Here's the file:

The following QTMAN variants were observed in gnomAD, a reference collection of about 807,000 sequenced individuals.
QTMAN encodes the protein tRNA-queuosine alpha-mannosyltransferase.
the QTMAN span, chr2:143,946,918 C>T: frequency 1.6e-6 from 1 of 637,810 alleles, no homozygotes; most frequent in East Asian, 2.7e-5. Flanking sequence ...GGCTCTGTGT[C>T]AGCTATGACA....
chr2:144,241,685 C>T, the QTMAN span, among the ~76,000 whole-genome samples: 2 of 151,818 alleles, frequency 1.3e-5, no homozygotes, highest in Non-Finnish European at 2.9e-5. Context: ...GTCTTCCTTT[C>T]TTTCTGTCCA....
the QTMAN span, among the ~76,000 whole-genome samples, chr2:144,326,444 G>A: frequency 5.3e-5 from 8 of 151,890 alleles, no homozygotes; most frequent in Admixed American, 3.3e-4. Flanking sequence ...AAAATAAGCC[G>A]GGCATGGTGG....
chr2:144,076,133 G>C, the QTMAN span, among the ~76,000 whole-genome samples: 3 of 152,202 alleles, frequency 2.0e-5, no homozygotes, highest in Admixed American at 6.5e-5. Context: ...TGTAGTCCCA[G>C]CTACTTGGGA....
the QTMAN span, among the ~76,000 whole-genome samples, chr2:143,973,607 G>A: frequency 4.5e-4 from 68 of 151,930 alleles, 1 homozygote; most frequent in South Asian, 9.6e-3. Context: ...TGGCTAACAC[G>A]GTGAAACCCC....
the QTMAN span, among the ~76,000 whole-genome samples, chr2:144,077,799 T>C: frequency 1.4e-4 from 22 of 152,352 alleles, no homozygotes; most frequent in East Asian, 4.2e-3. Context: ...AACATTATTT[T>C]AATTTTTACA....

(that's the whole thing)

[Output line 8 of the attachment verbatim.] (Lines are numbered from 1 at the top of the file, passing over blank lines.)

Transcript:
the QTMAN span, among the ~76,000 whole-genome samples, chr2:144,077,799 T>C: frequency 1.4e-4 from 22 of 152,352 alleles, no homozygotes; most frequent in East Asian, 4.2e-3. Context: ...AACATTATTT[T>C]AATTTTTACA....